Some of the toxic contamination at Alameda Point is not the result of Naval operations.
The Navy began cleaning up contaminated soil at five hot spots in the airplane runway area of Alameda Point in October. Cleanup Site 33 – on the area commonly referred to as the wildlife refuge – encompasses the southern end of the main north-south runway and adjacent tarmac, and is near the Least Tern nesting site and a wetland area.
The soil here became contaminated with PAHs (polycyclic aromatic hydrocarbons) before it ever became part of Alameda Point. The fill material used for creating this land mass was dredged from the Oakland Estuary primarily between 1936 and 1941 by means of a pumping system. It was contaminated by a coal gasification plant, which operated in Oakland around 100 years ago that disposed of waste into the waterway. Some of the sediment contamination may also have originated at the Pacific Coast Oil Refinery that once operated on the west end of Alameda.
The potential health risk from PAHs, normally through ingestion of dust, has been part of cleanup evaluations for over a decade. The Navy and regulatory agencies agreed to the EPA’s residential soil standard in 2001.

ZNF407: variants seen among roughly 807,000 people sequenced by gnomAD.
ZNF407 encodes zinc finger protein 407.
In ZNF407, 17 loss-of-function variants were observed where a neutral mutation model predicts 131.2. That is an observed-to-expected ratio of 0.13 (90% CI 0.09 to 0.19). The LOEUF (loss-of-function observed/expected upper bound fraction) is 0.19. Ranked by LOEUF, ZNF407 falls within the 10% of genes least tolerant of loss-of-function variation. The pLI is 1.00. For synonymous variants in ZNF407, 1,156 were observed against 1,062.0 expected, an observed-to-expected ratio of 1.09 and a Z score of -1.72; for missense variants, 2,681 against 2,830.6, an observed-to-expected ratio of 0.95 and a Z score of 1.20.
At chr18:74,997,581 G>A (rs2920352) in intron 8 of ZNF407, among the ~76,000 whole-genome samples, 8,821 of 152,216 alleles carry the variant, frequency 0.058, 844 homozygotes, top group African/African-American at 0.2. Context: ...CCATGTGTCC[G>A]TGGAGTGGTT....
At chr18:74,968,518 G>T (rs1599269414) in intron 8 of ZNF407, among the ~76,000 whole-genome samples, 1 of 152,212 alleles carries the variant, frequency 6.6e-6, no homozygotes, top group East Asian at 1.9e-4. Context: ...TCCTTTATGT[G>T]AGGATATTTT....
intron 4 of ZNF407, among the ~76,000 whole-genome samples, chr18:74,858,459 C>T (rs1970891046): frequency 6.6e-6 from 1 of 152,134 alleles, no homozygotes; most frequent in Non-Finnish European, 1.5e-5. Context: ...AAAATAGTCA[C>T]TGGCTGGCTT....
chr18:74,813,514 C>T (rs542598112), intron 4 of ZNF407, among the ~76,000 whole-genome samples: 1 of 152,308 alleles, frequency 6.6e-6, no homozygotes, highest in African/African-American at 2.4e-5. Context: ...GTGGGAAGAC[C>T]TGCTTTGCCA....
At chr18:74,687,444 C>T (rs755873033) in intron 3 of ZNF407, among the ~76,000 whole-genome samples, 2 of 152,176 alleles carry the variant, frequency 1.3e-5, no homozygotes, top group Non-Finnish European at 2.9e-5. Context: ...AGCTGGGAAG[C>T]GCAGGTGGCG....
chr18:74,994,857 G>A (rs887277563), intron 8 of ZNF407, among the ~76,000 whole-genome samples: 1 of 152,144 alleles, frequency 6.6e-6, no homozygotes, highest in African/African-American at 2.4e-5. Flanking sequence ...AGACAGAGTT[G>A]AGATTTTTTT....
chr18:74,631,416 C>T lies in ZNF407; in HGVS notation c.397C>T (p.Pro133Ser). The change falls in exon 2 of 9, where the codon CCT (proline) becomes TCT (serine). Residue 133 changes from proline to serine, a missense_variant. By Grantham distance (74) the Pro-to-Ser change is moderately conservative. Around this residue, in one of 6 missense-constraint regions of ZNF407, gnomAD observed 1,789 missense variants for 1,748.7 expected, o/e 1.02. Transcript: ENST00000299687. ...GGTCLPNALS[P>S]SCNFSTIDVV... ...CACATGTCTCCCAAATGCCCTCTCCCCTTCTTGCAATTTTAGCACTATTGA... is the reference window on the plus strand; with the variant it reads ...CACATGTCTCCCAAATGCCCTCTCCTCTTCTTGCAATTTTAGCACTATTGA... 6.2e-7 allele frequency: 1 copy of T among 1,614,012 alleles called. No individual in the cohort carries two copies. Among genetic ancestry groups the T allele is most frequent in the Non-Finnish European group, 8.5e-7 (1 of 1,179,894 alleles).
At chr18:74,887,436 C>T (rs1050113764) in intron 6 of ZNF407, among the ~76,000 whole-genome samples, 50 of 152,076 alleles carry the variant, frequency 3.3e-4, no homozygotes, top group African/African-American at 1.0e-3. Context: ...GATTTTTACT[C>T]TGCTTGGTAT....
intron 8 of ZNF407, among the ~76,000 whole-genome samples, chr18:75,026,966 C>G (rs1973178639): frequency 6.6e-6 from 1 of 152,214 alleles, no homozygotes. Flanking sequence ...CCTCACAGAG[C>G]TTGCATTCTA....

PAH soil sampling began in 2002 at 300 locations throughout Alameda Point, including Site 33, producing over 1,200 samples. The 500-plus acre wildlife refuge parcel had 79 soil borings that produced 316 samples. Five boreholes exceeded residential use standards.
A 2008 report recommended additional testing at Site 33 that was done in 2010, leading to the current cleanup work at the five hot spot areas.
Over the past 22 years, more than 28 environmental studies have been conducted on the “refuge parcel,” looking at everything from volatile organic compounds, petroleum byproducts, PAHs, pesticides, PCBs, dioxins, explosives, metals, and radium. They analyzed surface sediment, soil, surface water, underground water, manhole sediment, and animal and plant tissue samples. Aerial photographs were also reviewed.
Talks between the Navy and US Fish & Wildlife Service for establishing a national wildlife refuge reached an impasse a decade ago, before many of these studies were completed, due to Fish & Wildlife’s concerns about liability for unforeseen cleanup expenses.
Today, the refuge parcel is slated to be transferred to the US Department of Veterans Affairs. Only about 40 acres of the refuge will be needed for their national cemetery and clinic if plans are approved to move most of the project northward onto the city’s Northwest Territories parcel.
The Navy will present an update on Site 33’s soil cleanup at the next Restoration Advisory Board meeting, 6:30 PM, Thursday, Nov. 8 at 950 West Mall Square, Community Conference Room at rear of building.